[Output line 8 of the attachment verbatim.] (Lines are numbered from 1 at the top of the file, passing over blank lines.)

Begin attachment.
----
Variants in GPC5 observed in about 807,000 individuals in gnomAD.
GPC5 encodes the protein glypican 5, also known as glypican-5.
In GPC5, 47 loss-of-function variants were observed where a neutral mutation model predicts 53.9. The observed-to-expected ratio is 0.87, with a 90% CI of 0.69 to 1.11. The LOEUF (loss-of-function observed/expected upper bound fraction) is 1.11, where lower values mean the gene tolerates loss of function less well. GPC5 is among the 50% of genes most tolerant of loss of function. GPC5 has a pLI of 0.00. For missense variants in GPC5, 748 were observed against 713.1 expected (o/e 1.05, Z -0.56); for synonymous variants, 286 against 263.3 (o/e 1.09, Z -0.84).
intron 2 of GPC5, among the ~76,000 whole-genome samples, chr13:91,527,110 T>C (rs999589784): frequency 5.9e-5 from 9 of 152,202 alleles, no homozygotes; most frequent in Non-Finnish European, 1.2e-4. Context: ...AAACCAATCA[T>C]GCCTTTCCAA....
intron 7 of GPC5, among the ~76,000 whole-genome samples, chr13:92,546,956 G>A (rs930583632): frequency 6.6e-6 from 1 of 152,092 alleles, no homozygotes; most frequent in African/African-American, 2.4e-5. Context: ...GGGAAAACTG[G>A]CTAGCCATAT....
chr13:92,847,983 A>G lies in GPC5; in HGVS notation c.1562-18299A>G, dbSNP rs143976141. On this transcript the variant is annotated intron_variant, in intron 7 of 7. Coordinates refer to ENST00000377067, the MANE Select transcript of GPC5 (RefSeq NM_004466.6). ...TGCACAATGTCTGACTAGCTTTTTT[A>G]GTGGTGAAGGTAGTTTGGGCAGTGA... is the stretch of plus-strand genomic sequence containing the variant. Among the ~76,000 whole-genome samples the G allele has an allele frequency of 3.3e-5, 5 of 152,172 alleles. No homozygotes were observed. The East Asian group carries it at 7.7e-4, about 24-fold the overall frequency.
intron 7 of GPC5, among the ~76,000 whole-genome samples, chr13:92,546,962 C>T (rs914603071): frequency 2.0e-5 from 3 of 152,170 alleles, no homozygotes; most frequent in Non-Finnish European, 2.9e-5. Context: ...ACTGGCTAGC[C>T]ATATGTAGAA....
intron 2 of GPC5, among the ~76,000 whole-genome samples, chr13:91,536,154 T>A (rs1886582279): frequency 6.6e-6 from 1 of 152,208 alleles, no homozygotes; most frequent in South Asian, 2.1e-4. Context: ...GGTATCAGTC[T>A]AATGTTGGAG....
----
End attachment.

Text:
intron 2 of GPC5, among the ~76,000 whole-genome samples, chr13:91,536,154 T>A (rs1886582279): frequency 6.6e-6 from 1 of 152,208 alleles, no homozygotes; most frequent in South Asian, 2.1e-4. Context: ...GGTATCAGTC[T>A]AATGTTGGAG....